Marvel at the marble and climb Mt Owen
Not just because the park’s highest peak starred as the Lord of the Rings’ Mines of Moria; in its own right, the spectacle of glaciated marbled kaarst that tumbles around the summit of Mt Owen is worthy of a climb. Views from the 1875m summit are impressive, just ignore the occasional helicopter buzzing movie aficionados in and out. The most popular route, from Courthouse Flat via the new Granity Pass Hut, is a stunner and a great overnight trip.
Rest in a rock shelter
Forgot your tent? No worries. Kahurangi is famous for its sculpted caves, arches and outcrops and some of these, helped with a touch of Kiwi inagenuity, have been crafted into cosy overnight shelters. Their novelty and handy location could be just the ticket for enticing the kids into the great outdoors. There’s the Gridiron Rock Shelters (under giant limestone blocks on or near the Flora Track, one a platform, one with door, windows and bunks), Dry Rock Shelter near Salisbury Hut (a wooden platform) and Growler Shelter nearby (tiny platform). Splugeons Rock Shelter, one to two days along the Leslie Karamea Track, requires more effort, but rewards with its cool roll-up blind and views across the park.
Step on up to the Thousand Acre Plateau
….And beyond to the Needle, Haystack and Hundred Acre Plateau; not just evocative place names but with sweeping tussock landscapes, mudstone peaks and steep escarpments to explore. This is more serious tramping country, starting with the three-hour walk to Lake Matiri Hut where river crossings can quickly become impassable in heavy rain. From the lake, a grunt of a 700m climb gets you onto the tussock-covered plateau. Stay at the recently upgraded Poor Pete’s Bivvy or cross the poled plateau (an easy 3-4hr) to Larrikins Creek Hut. The water drops vertically around here; off The Haystack onto the plateau, and off the plateau into the Mokihinui River below. Climb The Needle, for a grand 360-degree view, or onto the Hundred Acre Plateau, to the north. Beware the bluffs, bogs and speargrass!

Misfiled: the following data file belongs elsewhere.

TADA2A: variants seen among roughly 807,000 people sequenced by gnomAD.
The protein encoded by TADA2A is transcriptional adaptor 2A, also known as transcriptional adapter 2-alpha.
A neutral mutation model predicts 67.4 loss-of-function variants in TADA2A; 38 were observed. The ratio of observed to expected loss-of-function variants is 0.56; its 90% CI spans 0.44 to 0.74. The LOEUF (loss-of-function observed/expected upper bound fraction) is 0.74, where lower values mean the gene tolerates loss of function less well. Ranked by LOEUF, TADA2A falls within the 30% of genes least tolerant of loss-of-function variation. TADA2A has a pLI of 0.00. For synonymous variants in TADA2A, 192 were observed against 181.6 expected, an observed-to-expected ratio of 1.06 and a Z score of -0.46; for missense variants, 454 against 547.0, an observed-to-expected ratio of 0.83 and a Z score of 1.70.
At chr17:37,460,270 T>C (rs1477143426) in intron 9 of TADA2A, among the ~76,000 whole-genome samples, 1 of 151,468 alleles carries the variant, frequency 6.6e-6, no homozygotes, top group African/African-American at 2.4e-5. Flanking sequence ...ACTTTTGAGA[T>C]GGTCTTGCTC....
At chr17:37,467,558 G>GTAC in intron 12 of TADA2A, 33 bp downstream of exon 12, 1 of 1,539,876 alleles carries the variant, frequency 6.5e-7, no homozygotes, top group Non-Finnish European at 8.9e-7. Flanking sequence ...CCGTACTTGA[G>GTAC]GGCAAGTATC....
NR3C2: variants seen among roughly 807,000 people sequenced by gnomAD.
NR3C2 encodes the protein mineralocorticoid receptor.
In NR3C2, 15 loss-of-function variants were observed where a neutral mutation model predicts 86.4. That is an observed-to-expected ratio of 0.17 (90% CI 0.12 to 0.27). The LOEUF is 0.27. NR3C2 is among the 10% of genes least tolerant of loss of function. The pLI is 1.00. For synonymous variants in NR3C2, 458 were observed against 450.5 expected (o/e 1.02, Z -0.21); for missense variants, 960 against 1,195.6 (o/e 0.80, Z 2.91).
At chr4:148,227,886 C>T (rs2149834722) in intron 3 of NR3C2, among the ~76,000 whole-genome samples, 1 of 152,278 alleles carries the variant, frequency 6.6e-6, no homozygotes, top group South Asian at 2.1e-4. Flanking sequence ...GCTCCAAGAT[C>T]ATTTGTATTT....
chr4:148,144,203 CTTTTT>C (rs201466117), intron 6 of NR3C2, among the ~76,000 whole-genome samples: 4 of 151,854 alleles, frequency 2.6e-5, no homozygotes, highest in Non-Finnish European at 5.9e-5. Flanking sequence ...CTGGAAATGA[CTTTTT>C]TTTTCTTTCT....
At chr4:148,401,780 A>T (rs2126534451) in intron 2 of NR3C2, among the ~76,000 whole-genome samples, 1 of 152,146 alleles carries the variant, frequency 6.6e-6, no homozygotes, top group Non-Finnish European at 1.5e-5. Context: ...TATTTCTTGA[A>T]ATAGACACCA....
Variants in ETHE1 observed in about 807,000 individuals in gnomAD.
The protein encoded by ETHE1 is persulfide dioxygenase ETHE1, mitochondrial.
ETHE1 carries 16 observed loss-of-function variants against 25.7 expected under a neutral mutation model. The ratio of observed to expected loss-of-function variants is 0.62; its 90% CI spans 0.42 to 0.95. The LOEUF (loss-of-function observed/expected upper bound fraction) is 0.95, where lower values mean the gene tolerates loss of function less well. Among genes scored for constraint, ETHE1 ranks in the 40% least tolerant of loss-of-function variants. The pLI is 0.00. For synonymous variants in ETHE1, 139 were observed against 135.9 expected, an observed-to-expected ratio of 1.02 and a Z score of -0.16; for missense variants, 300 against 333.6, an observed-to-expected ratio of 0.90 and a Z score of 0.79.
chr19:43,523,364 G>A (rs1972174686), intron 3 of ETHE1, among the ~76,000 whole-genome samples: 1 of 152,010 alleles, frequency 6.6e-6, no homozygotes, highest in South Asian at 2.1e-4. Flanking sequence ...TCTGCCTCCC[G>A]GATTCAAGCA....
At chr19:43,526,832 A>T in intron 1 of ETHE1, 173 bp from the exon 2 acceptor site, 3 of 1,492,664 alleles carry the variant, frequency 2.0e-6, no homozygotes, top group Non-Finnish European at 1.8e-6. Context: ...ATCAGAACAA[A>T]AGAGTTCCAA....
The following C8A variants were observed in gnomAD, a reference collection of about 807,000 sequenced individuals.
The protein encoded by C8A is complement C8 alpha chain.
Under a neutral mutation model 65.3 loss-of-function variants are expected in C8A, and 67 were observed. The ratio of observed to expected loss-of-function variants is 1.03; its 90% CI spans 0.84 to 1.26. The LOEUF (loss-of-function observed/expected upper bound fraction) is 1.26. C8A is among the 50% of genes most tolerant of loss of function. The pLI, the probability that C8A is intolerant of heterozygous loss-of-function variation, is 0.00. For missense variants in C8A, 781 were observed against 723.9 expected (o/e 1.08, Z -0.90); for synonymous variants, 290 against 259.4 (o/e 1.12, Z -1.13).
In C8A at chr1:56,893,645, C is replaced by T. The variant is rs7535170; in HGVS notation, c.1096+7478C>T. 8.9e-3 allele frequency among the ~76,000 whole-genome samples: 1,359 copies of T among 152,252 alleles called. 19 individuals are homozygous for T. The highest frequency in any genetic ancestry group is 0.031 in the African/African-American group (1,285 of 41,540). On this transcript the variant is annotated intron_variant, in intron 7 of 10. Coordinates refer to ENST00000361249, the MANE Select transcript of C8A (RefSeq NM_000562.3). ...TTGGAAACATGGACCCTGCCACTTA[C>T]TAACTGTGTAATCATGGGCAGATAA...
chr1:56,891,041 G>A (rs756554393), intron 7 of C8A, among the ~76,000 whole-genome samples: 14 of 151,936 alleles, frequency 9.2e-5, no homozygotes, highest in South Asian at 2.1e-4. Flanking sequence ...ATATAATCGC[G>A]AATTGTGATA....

Consider historic, human endeavour
Asbestos Cottage, in the Cobb Valley, was built by mining prospectors in 1897. In 1914 runaway lovers and recluses Annie Fox and Henry Chaffey sought refuge here. They stayed for nearly 40 years; Henry mining asbestos and Annie the homemaker. After 20 years, Annie’s abusive first husband died and she was able to marry Henry. Now a park hut, Asbestos Cottage was restored in 1997, in keeping with its heritage. Whether you stay overnight or take a day walk (two hours each way, through beech and manuka forest from Cobb Dam Road), spare some time to forage for currants and gooseberries, remnants of Annie’s garden, and to read her story (displayed inside) of love, forbearance and stoic self-sufficiency.
Explore the new enclaves
In 2016, five enclaves totalling 900ha were added to the national park, most of them around Whanganui Inlet and Westhaven (Te Tai Tapu) Marine Reserve and the coast further south. This was fantastic news: these additions encompass pristine rata forests, primeval tannin-bleached inlets and remote pingao/dune country, and their inclusion in the park ensures unbroken protected status from mountain tops to the sea, from national park to marine reserve.
Kayak the inky, rata-fringed inlets feeding into Whanganui Inlet. Launch your kayak off Dry Road, just past the causeway (you’ll need to catch the high tide). Or take an adventurous coastal walk to the tidal platforms and pingao-covered dunes beyond Kahurangi Point. Stay in the Kahurangi Keeper’s House, now a 25-bed DOC hut, which is a three- to four-hour walk from the end of Cowin Road. (Low tide is essential for river crossings; beware high winds and whipping sand.)
Pack ya rod
Tramping in the park? A telescopic fishing rod could be the difference between a bag of dehy or fresh fish for dinner. The rivers here are world-renown brown trout fisheries. Rich cats staying in high-end lodges helicopter in to fish, so if you’re walking in you surely deserve a share. Not giving away (too many) secrets the Karamea, Leslie and lower Wangapeka are prime spots. Near Roaring Lion Hut, on the edge of the Tasman Wilderness Area, the trout are reportedly like torpedos. But we didn’t tell you that. Don’t forget your fishing licence.
Wait, there’s more!
For more classic tramping options check out the Cobb Valley and its wealth of tracks, huts and campsites, the Leslie-Karamea with new huts and links with the Wangapeka and Mt Arthur Tablelands, the long-loved and still worthy Wangapeka Track (or should that be route, given its recently downgraded DOC status), Mt Luna (a circuit or heading up and back from Stone or Kiwi Saddle Hut in the Wangapeka catchment), and the Anatoki/Waingaro circuit, featuring historic huts and superb views, in from Golden Bay.